Economic Growth

Navigating the future of growth: a new tool for a new era

The right kind of growth … innovative, inclusive, sustainable and resilient.

The right kind of growth … innovative, inclusive, sustainable and resilient. Image: Getty Images/iStockphoto

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Economic Progress

This article is part of: World Economic Forum Annual Meeting
  • With the pressing need to rekindle global economic growth, we must move to innovative, inclusive, sustainable and resilient growth.
  • A new World Economic Forum tool assesses countries' progress on these growth criteria.
  • The world is currently only approximately halfway to meeting this framework.

Contributors: Jesse Caemmerer, Roberto Crotti, Philipp Grosskurth, Kateryna Karunska, Sriharsha Masabathula (Centre for the New Economy and Society, World Economic Forum).

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In a world grappling with the far-reaching effects of the COVID-19 pandemic, economic uncertainties, geopolitical tensions, a looming climate crisis and fractures in social contracts, global growth finds itself at a historic three-decade low. The pressing need to reignite growth is evident, but a narrow focus on short-term gains risks perpetuating ongoing environmental degradation, widening inequalities and fragile resilience.

A paradigm shift is needed: The key question is not whether economic growth is still necessary, but rather how we can move from growth at all costs to growth that is innovative, inclusive, sustainable and resilient.

The World Economic Forum's four key growth criteria.
The World Economic Forum's four key growth criteria. Image: WEF

To help countries navigate such a complex reality, the World Economic Forum is introducing the Future of Growth Report, a data-driven tool aimed at quantitatively assessing how countries’ growth stacks up in terms of sustainability, inclusiveness, innovativeness and resilience.

Unsurprisingly, data from the framework reveals a global landscape where growth is often unsustainable, non-inclusive and lacking in resilience. In several cases, growth is driven by resource exploitation, rather than fostering innovation and knowledge.

On average, on a 0-100 scale, the world is only halfway through most of the four dimensions measured by the framework. However, these global results mask critical differences in underlying trends and pathways.

Key findings

In terms of innovativeness (45.2/100), the framework exposes a stark gap in the ability of economies to adapt and evolve their growth models in response to technological, social and institutional advancements. While innovation and digitalization trends project diverging avenues for advanced and developing economies, talent availability constraints increasingly favour developing countries.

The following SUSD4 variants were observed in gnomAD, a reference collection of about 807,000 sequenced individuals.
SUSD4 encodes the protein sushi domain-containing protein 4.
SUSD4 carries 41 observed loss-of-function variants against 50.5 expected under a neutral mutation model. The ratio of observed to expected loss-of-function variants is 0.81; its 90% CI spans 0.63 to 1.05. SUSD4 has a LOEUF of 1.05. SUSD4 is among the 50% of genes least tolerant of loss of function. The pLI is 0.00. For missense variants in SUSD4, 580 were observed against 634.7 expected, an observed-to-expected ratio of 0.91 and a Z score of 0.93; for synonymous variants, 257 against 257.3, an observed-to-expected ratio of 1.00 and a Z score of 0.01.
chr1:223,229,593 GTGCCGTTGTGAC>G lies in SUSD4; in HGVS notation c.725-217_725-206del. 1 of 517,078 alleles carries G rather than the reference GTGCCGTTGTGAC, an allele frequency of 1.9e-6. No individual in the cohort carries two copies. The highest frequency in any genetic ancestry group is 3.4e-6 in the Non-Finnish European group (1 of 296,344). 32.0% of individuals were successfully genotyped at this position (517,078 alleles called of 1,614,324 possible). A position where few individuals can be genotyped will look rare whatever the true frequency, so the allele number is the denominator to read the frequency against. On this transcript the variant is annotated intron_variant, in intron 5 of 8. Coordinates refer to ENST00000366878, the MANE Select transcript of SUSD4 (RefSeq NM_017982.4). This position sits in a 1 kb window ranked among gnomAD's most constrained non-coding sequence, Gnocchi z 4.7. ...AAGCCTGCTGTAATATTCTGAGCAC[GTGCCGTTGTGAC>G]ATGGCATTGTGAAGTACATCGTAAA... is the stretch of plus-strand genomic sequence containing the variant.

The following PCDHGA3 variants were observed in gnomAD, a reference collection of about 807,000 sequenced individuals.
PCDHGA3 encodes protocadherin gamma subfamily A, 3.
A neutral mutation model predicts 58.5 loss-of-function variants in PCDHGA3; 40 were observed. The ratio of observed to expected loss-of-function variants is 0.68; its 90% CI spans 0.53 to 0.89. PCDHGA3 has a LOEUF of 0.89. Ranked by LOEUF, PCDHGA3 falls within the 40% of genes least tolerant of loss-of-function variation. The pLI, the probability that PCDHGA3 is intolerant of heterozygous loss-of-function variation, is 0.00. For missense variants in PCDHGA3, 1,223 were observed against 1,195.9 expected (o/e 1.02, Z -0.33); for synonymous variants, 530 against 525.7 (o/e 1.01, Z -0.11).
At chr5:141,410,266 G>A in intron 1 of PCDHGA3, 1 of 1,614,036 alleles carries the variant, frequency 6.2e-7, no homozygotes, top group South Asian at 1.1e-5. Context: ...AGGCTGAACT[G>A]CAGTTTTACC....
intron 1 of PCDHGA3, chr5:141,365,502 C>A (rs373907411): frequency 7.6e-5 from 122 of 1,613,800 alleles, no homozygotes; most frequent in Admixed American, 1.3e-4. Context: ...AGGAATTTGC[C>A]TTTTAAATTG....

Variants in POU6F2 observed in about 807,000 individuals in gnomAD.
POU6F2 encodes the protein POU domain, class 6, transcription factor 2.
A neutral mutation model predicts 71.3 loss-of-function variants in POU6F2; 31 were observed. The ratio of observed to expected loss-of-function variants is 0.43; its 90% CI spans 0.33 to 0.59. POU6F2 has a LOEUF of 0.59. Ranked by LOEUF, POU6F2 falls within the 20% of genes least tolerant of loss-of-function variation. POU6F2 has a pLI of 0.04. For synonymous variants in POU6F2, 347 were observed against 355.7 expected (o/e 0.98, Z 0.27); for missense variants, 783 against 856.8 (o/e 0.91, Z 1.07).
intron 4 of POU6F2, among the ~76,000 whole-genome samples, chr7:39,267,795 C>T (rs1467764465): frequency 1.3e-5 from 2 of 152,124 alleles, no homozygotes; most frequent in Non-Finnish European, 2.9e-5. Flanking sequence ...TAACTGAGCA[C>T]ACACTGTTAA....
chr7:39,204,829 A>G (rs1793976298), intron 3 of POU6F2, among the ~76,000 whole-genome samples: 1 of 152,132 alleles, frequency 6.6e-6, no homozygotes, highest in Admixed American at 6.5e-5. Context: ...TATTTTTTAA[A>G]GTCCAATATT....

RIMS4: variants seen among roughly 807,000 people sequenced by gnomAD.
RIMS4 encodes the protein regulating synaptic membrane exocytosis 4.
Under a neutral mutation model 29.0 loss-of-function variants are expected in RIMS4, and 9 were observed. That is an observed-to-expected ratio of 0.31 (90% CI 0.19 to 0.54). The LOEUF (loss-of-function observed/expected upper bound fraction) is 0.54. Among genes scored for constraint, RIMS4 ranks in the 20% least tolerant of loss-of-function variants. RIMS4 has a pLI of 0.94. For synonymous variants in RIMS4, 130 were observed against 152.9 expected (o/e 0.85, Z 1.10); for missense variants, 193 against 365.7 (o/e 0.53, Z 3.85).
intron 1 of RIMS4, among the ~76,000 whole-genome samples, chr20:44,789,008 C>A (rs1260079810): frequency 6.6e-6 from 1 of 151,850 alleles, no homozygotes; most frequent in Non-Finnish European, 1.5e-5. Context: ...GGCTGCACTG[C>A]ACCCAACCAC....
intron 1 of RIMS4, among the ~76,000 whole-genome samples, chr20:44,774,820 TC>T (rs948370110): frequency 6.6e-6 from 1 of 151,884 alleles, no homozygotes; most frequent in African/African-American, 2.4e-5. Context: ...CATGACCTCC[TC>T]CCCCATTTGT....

Regarding inclusiveness (55.9/100), most economies fall short in ensuring that the benefits and opportunities of growth are shared among all stakeholders. Income and wealth inequalities are on the rise globally, with developing countries facing additional challenges related to insufficient access to basic services and deficient social protection systems.

Global findings from the future of growth report.
The world is on average only halfway to a future of healthy growth. Image: WEF

Sustainability (46.8/100) is a critical concern, as most economies struggle to keep the ecological footprint of their growth trajectory within environmental boundaries. Despite the recent surge in green finance, capital allocations are still insufficient for delivering systemic change, and technological constraints limit a transition to economies run 100% on renewable energy. In addition to common transition challenges, countries at different income levels encounter different problems. High-income economies remain significant emitters but lead in environmental technology development. Lower-income economies, while emitting less, face the challenge of delivering economic growth by leapfrogging directly to newer and cleaner technologies.

Future of growth framework score.
Developing countries are in general further along on this trajectory. Image: WEF

Resilience (52.8/100) is an area where countries’ growth pathways’ capacity to weather and rebound from shocks varies significantly. Since COVID-19, many countries have started to emphasize more inward-looking policies. This can become a double-edged sword. On the one hand, some more localized efforts are needed, such as those strengthening local financial architecture or engaging in proactive investments for skills and demographic change. On the other hand, relying on well-diversified international networks promises to build more resilient national and global systems. For instance, countries’ supply chains are made more resilient by expanding and diversifying their supplier base, rather than attempting to become more self-reliant. At the same time, no country can be fully resilient on its own on issues such as climate change or global corporate taxation. On these and other aspects, global cooperation is the only way through which both global and national resilience may be bolstered.

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How is the World Economic Forum improving trade for more resilient societies?

Based on these findings, the World Economic Forum calls on nations to re-evaluate their growth strategies, fostering a future that is more sustainable, inclusive and resilient. Achieving this requires country-specific policies that match distinctive priorities and growth trajectories, and at the same time collective efforts, meaningful discussions and actions on the global stage, paving the way for a more prosperous and sustainable tomorrow.

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